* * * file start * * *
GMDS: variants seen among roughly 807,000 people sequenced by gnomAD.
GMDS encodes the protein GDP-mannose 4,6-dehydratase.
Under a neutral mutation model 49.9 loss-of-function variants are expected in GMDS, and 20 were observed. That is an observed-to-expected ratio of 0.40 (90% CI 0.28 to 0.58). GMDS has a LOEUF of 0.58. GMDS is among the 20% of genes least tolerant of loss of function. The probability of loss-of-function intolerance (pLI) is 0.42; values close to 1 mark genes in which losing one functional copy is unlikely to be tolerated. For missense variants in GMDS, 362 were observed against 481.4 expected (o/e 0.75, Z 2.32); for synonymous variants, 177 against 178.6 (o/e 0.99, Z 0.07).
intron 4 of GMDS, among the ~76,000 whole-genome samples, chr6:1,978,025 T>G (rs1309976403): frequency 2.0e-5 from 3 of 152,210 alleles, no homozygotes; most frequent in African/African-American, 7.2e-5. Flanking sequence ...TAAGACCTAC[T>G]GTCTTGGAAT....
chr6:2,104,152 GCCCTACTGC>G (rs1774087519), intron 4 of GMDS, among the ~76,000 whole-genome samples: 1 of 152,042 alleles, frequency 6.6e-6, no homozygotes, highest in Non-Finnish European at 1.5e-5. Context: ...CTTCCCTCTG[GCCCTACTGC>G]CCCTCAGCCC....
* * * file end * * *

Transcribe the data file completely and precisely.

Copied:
GMDS: variants seen among roughly 807,000 people sequenced by gnomAD.
GMDS encodes the protein GDP-mannose 4,6-dehydratase.
Under a neutral mutation model 49.9 loss-of-function variants are expected in GMDS, and 20 were observed. That is an observed-to-expected ratio of 0.40 (90% CI 0.28 to 0.58). GMDS has a LOEUF of 0.58. GMDS is among the 20% of genes least tolerant of loss of function. The probability of loss-of-function intolerance (pLI) is 0.42; values close to 1 mark genes in which losing one functional copy is unlikely to be tolerated. For missense variants in GMDS, 362 were observed against 481.4 expected (o/e 0.75, Z 2.32); for synonymous variants, 177 against 178.6 (o/e 0.99, Z 0.07).
intron 4 of GMDS, among the ~76,000 whole-genome samples, chr6:1,978,025 T>G (rs1309976403): frequency 2.0e-5 from 3 of 152,210 alleles, no homozygotes; most frequent in African/African-American, 7.2e-5. Flanking sequence ...TAAGACCTAC[T>G]GTCTTGGAAT....
chr6:2,104,152 GCCCTACTGC>G (rs1774087519), intron 4 of GMDS, among the ~76,000 whole-genome samples: 1 of 152,042 alleles, frequency 6.6e-6, no homozygotes, highest in Non-Finnish European at 1.5e-5. Context: ...CTTCCCTCTG[GCCCTACTGC>G]CCCTCAGCCC....